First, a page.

Dark Reading is part of the Informa Tech Division of Informa PLC

This site is operated by a business or businesses owned by Informa PLC and all copyright resides with them.Informa PLC's registered office is 5 Howick Place, London SW1P 1WG. Registered in England and Wales. Number 8860726.

Vulnerabilities / Threats

10/28/2010
01:25 PM
50%
50%

Social Networks' Threat To Security

Weak passwords and insecure personal information could put your company's data at risk.

Not Their Business

Don't hold your breath waiting for social network operators to help. All the major sites--Facebook, MySpace, Twitter, LinkedIn--have the same minimum password length of six characters. And password complexity checks are few and far between. Facebook and LinkedIn have no complexity checks. For MySpace, some complexity checking is enabled; however, users can enter a password of "123456." Twitter has a basic complexity check based on a static word list that's viewable through the HTML source of the login page. You can't use "password1," but "1password" is OK.

Most social networks have implemented Captchas to prevent brute forcing of user accounts. However, there are some exceptions to that rule. Several social networks don't use Captchas for the mobile versions of their Web sites, most likely because they're a nuisance for mobile users.

On Facebook, after three failed login tries, the user is presented with a Captcha. Solve it and you get three more attempts. Facebook's mobile Web site has no Captcha protection; however, after 10 failed login attempts, the account is locked for a period of time, after which the user can try a single login again. This could be scripted to create a slow brute-force attack.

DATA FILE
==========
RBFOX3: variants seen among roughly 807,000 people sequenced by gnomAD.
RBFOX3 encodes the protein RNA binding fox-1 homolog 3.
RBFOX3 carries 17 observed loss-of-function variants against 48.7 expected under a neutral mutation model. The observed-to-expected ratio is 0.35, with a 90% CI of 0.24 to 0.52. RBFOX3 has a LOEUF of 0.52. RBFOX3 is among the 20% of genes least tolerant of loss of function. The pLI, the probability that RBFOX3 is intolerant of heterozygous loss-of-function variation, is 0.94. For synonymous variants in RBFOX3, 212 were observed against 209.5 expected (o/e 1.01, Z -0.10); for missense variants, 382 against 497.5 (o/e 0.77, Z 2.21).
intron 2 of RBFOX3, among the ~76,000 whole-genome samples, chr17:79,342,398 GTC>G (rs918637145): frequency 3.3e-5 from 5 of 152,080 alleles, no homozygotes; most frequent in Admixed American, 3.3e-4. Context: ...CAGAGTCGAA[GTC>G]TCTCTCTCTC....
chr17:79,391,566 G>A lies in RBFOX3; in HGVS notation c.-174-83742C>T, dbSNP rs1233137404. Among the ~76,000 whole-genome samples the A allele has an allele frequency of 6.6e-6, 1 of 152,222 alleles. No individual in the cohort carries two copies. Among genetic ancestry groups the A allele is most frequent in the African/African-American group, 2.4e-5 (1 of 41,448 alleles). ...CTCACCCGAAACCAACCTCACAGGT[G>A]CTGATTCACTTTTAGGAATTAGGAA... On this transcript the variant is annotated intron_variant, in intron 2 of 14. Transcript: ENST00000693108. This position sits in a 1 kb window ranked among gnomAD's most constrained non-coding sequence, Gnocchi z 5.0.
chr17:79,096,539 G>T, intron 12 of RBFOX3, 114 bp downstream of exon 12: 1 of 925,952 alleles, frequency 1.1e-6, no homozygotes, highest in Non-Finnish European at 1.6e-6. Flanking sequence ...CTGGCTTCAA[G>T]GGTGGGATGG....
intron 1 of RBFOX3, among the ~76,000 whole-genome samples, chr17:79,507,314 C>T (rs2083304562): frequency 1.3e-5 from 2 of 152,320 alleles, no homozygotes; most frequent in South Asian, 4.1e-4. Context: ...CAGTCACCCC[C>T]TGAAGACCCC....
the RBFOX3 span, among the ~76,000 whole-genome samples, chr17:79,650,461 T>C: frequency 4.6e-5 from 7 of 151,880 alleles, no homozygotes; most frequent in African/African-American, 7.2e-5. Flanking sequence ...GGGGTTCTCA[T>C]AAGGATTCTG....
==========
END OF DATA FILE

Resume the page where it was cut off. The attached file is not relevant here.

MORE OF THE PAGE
MySpace allows 10 failed login attempts, after which the user is presented with a Captcha. The MySpace mobile Web site uses an identical control. Twitter allows three failed login attempts and then presents a Captcha. Twitter's mobile site has no Captcha protection in place, so user accounts can be brute forced. LinkedIn users only get one failed login attempt before being presented with a Captcha. The LinkedIn mobile site has a Captcha presented at first login. Before you feel warm and fuzzy toward LinkedIn, however, remember it lacks in other areas, such as password complexity checks.

Bottom line, there is little consistency among social networks regarding common security controls.

20 Most Common Passwords
1: 123456
2: 12345
3: 123456789
4: password
5: iloveyou
6: princess
7: rockyou
8: 1234567
9: 12345678
10: abc123
11: Nicole
12: Daniel
13: babygirl
14: monkey
15: Jessica
16: lovely
17: Michael
18: Ashley
19: 654321
20: qwerty

You can help employees mitigate many of these risks by simply following basic password creation and management guidelines. Encourage them to choose complex passwords that contain letters, numbers, special characters, and are at least 12 characters. Longer is always better. Passwords shouldn't be able to be guessed simply by looking at the personal information on the user's social network profile.

Encourage the use of a unique password for every Web site and internal service. Push the use of passphrases over passwords. Passphrases are generally easier to remember and harder to brute force. For example, take a phrase like, "I have three favorite authors at the library." Either use the entire phrase or break it up to be: "[email protected]"